Thomas Goulden, Pinecrest, Sr., Mid — Goulden anchored the Patriot midfield with nine goals and 10 assists. He was also an all-conference and all-region pick.

Luke Paul, Jack Britt, Sr., Mid — Paul had nine goals and 11 assists for the Buccaneers in addition to his solid defensive work. He was an all-conference and all-region pick.

Nowell Worley, Fayetteville Christian, Sr., M/F — Worley piled up 17 goals and 17 assists while playing up top and in the midfield for the Warriors. He was an all-conference and all-region choice.

Zack Adkins, Terry Sanford, Sr., Def — Adkins had a goal and three assists from the Bulldog back line on his way to earning all-region recognition.

Terin Ellis, Fayetteville Christian, Sr., Def — Ellis scored 13 goals and had six assists while spending most of his time at center back. He went on to earn all-conference, all-region and all-state recognition.

Scott Custer, Terry Sanford, Sr., Def — Custer had three goals and six assists while anchoring the Terry Sanford defense. He also earned all-conference and all-region honors.

Scott Plummer, Terry Sanford, Sr., GK — Plummer had 11 shutouts in goal for the Bulldogs en route to earning all-conference and all-region honors.

Second team

Ricky Lee, Cape Fear, Sr., F — Scored 19 goals despite missing a significant amount of the conference schedule with an injury. Lee added three goals and was a second-team all-conference and an all-region choice.

Max Brenner, Pinecrest, Sr., Fwd — Brenner had 17 goals and seven assists for the Patriots en route to earning all-conference and all-region honors.

Robby Jones, South View, Sr., Fwd — Scored 17 goals and five assists, accounting for 22 of the Tigers’ 29 goals in 2009. He was also an all-conference and all-region selection.

Matt Legette, Gray’s Creek, Soph., M/F — Legette led the Bears with 14 goals and eight assists. He was also an all-conference selection.

Daniel Vestal, Village Christian, Sr., M/F — Vestal scored 16 goals and had nine assists for the Knights.

Justin Lopes, Terry Sanford, Jr., Mid – Lopes had four goals and 13 assists for Terry Sanford this season. He also earned all-conference and all-region honors.

Chris Ryan, Pine Forest, Sr., Mid — Ryan had 13 goals and three assists for the Trojans en route to winning all-conference and all-region recognition.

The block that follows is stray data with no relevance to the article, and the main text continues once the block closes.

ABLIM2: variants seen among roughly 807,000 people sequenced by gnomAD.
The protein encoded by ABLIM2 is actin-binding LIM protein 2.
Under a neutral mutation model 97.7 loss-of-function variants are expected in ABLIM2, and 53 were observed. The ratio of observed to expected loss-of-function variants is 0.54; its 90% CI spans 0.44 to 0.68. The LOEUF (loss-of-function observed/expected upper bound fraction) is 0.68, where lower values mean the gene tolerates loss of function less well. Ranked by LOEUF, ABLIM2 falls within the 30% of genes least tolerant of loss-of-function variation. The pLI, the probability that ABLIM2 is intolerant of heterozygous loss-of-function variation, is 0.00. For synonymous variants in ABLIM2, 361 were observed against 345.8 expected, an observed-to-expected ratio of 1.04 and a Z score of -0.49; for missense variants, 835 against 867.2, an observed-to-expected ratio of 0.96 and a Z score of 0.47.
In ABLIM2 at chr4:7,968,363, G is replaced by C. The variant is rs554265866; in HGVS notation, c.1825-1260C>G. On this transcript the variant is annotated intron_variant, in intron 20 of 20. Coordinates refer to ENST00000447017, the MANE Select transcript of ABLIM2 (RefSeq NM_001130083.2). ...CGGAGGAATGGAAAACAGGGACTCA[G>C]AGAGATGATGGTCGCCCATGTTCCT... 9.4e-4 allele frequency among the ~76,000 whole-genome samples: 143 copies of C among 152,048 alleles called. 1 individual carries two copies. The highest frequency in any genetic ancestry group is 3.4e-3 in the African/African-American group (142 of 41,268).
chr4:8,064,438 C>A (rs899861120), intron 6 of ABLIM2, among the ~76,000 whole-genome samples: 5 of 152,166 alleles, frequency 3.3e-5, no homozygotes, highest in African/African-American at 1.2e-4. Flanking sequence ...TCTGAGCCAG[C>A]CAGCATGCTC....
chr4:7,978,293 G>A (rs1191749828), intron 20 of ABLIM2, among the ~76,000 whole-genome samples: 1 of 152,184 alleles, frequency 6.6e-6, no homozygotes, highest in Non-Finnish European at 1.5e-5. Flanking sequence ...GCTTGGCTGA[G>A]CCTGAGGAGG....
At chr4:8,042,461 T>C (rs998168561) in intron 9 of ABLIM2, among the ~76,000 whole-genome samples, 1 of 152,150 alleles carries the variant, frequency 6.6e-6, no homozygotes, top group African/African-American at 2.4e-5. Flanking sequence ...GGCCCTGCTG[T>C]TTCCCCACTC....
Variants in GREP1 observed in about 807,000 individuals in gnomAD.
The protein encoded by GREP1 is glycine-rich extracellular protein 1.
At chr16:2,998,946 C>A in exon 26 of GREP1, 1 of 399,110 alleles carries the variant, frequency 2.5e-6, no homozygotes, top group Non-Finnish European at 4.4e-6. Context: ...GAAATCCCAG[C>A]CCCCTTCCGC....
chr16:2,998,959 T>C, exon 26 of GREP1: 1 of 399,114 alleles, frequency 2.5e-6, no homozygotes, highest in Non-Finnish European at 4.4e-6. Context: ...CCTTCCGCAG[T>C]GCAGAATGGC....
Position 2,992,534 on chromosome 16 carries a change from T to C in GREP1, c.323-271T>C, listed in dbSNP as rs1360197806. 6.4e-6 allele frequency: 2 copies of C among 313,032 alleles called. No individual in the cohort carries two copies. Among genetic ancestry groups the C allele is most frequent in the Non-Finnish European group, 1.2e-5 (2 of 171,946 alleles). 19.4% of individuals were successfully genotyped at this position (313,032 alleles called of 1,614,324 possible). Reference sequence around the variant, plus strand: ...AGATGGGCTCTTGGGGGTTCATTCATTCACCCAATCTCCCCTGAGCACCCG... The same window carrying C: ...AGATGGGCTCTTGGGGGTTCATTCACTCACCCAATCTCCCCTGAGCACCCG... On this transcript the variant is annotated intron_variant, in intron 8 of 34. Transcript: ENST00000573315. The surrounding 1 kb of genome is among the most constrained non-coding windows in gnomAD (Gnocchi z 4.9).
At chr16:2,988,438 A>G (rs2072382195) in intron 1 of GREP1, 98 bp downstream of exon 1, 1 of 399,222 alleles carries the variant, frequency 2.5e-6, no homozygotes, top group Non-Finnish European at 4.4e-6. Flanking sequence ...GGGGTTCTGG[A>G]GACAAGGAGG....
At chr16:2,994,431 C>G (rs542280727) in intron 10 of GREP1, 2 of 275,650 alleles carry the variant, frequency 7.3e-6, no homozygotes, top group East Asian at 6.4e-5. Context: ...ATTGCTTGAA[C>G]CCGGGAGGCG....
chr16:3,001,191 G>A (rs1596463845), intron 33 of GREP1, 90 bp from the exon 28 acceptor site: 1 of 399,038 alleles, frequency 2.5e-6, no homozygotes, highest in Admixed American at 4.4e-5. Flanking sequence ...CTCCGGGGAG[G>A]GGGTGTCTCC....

Joseph Latham, Hoke County, Jr., Def — Latham had four goals and 15 assists while anchoring the back line for the Bucks. He was also an all-conference and all-region selection.

Ross Carroll, Jack Britt, Jr., Def — Carroll was a key part of a stingy Buccaneer defense while earning all-conference and all-region recognition.

Carter Creech, Jack Britt, Soph., Def — Creech had two goals and four assists while playing in Britt’s back line. He was an all-conference and all-region selection in 2009.

Sam Williams, Fayetteville Academy, Sr., GK — Williams was an all-conference and all-region selection who posted 11 shutouts in 2009.

Honorable mention
Tyson Balaam, Village Christian, Fwd, Sr.
Kelvin Jordan, Jack Britt, Fwd, Sr.
Balyn Krout, Scotland County, Mid, Jr.
Stephen Nalls, Gray’s Creek, Mid, Soph.
Artan Rama, Douglas Byrd, Mid, Soph.
Aaron Stroker, Pinecrest, Mid, Sr.
Manny Quiroz, Seventy-First, Fwd, Fr.

All-area team set for release on Thursday

December 2, 2009

Zack Adkins

The 2009 Fayetteville Observer All-Area team will hit newstands tomorrow.

Of course, faithful readers of this blog can see it at 12:01 a.m. Thursday morning, when it will magically appear in this space.

Thanks to all of the coaches who sent in nominations. It means a lot to get your input in the selection of this team.